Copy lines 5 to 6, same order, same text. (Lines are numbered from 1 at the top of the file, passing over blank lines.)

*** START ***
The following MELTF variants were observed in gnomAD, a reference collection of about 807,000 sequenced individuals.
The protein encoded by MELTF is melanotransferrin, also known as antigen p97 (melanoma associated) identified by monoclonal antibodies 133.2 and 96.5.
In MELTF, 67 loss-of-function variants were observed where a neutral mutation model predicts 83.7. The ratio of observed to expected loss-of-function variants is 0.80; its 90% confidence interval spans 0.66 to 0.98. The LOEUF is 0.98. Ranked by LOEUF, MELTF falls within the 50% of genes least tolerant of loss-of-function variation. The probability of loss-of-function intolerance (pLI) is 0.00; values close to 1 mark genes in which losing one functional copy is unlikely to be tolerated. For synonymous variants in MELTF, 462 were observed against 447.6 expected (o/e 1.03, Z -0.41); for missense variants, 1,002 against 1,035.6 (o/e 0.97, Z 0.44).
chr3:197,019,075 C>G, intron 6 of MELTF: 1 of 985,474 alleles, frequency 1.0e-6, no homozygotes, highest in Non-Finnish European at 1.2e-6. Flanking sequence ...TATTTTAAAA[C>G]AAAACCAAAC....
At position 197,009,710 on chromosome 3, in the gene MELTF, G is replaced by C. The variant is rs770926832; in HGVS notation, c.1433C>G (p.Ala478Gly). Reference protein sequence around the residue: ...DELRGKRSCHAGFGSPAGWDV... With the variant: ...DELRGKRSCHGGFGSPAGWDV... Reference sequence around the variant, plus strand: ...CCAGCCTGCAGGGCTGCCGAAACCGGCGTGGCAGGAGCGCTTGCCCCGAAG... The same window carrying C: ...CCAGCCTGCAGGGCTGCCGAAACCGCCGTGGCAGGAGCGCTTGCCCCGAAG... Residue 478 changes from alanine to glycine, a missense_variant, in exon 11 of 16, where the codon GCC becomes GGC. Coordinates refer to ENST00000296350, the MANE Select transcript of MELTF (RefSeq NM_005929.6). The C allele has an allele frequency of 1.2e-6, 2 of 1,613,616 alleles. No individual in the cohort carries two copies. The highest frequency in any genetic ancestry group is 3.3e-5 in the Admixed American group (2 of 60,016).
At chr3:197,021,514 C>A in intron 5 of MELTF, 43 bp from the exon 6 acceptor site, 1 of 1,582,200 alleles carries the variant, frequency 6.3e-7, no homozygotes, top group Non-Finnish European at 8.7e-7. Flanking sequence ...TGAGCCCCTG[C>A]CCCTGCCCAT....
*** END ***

At position 197,009,710 on chromosome 3, in the gene MELTF, G is replaced by C. The variant is rs770926832; in HGVS notation, c.1433C>G (p.Ala478Gly). Reference protein sequence around the residue: ...DELRGKRSCHAGFGSPAGWDV... With the variant: ...DELRGKRSCHGGFGSPAGWDV... Reference sequence around the variant, plus strand: ...CCAGCCTGCAGGGCTGCCGAAACCGGCGTGGCAGGAGCGCTTGCCCCGAAG... The same window carrying C: ...CCAGCCTGCAGGGCTGCCGAAACCGCCGTGGCAGGAGCGCTTGCCCCGAAG... Residue 478 changes from alanine to glycine, a missense_variant, in exon 11 of 16, where the codon GCC becomes GGC. Coordinates refer to ENST00000296350, the MANE Select transcript of MELTF (RefSeq NM_005929.6). The C allele has an allele frequency of 1.2e-6, 2 of 1,613,616 alleles. No individual in the cohort carries two copies. The highest frequency in any genetic ancestry group is 3.3e-5 in the Admixed American group (2 of 60,016).
At chr3:197,021,514 C>A in intron 5 of MELTF, 43 bp from the exon 6 acceptor site, 1 of 1,582,200 alleles carries the variant, frequency 6.3e-7, no homozygotes, top group Non-Finnish European at 8.7e-7. Flanking sequence ...TGAGCCCCTG[C>A]CCCTGCCCAT....